As First Nations across Ontario work hard to reinforce pride and respect for Aboriginal heritage and culture, language plays a crucial role in those initiatives.
Teachers of Anishnaabemowin (the Ojibwe language) from across Central Ontario will gather at Georgian College’s Barrie Campus Aboriginal Centre on Friday, April 15.
The event is called Moving Forward Together: Wiijigaabiwitaadidaa Niigaan Zhaayin.
Participants will share experiences, techniques and fresh ideas and move forward together to support each other in the revitalization of Anishnaabemowin.
The day will focus on collaborative discussions, development of relationships, and sharing of resources.
Those attending are representing a variety of First Nations and organizations, including Georgina Island First Nation, Beausoleil First Nation, Rama First Nation, Wasauksing First Nation, Saugeen First Nation and Cape Croker First Nation, as well as school boards from Simcoe County and York Region.
Students from Georgian’s Anishnaabemowin Language Programming program will also take part. Anishnaabemowin Language Programming is a uniquely focused two-year program that not only teaches the Ojibwe language, but also prepares graduates to develop and implement sustainable language programs in Aboriginal communities and organizations.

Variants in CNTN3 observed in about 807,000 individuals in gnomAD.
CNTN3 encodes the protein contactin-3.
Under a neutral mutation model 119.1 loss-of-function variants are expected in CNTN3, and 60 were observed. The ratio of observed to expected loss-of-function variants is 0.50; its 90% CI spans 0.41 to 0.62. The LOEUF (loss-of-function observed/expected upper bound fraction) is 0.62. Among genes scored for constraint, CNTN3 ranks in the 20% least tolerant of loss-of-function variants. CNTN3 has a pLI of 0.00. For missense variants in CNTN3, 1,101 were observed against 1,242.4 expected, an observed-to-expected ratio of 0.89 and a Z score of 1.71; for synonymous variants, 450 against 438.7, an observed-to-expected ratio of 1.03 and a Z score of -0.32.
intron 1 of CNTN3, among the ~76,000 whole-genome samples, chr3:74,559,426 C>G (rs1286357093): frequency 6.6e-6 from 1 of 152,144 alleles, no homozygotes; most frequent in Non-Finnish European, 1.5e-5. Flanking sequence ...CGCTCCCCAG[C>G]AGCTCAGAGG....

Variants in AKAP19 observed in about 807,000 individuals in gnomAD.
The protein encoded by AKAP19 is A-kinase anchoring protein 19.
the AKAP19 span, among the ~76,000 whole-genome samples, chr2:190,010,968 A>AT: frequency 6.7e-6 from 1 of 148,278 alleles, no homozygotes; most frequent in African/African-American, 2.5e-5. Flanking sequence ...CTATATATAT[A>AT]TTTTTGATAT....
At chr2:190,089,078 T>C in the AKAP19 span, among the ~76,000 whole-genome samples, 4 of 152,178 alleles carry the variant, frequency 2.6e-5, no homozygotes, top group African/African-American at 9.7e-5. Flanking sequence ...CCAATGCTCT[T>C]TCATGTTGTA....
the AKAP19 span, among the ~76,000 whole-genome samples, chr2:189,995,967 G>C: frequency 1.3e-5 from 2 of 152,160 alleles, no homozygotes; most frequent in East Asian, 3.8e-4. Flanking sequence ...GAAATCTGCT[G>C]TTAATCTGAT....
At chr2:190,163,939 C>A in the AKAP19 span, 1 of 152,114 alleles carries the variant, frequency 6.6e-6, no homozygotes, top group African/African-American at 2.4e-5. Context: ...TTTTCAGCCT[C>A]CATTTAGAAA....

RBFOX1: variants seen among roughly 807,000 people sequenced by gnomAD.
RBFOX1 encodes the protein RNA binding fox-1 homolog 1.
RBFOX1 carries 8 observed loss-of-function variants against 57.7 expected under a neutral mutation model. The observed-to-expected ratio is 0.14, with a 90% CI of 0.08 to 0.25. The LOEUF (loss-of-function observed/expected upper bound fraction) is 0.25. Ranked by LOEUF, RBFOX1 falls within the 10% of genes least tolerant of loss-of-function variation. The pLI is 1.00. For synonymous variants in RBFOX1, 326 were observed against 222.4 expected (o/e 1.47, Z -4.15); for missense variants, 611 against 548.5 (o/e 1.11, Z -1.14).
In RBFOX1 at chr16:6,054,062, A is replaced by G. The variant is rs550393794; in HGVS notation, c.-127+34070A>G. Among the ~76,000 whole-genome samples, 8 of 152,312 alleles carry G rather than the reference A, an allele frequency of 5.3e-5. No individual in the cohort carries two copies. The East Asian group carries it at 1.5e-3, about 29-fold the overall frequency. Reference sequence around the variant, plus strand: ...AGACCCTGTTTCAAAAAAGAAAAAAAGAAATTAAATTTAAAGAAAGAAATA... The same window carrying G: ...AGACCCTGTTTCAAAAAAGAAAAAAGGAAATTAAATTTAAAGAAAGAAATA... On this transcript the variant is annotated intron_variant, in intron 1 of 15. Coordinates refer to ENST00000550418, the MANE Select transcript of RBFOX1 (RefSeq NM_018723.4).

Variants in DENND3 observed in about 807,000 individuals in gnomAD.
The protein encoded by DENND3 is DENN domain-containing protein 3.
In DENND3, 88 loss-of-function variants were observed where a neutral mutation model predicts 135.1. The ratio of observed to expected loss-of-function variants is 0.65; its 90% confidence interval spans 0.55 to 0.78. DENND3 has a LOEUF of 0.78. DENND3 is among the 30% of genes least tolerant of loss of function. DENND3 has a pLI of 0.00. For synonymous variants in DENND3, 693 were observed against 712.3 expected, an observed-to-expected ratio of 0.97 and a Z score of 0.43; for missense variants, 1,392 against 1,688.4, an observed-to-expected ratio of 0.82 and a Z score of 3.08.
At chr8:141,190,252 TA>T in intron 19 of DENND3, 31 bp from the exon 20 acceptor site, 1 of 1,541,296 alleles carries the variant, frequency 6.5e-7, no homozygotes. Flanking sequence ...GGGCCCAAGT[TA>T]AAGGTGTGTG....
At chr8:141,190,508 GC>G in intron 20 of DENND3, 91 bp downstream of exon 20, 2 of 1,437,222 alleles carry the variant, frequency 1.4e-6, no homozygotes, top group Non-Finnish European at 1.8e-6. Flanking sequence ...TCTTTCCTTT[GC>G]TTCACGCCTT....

Pamala Agawa, First Nation, Métis and Inuit Education Curriculum Co-ordinator with the York Region District School Board, said the retention and expansion of traditional language is extremely important.
“Language is our connection to our culture, our connection to the land and it is our responsibility to pass it on to future generations. Language is also vital to understanding our identity as First Nations Peoples,” she said.
The connections made during the Moving Forward Together event are especially significant, Agawa said.
“The fluent language speakers in our communities are older, so it is important for us to create and support learning opportunities for our Anishnaabemowin Language teachers before we lose it. Gatherings like this will provide the opportunity for networks to be created and resources to be developed to support the learning of our First Nations youth and families. With the added challenge of different dialects, creating a local network will enable the teachers in an area/region to deliver a consistent program,” she said.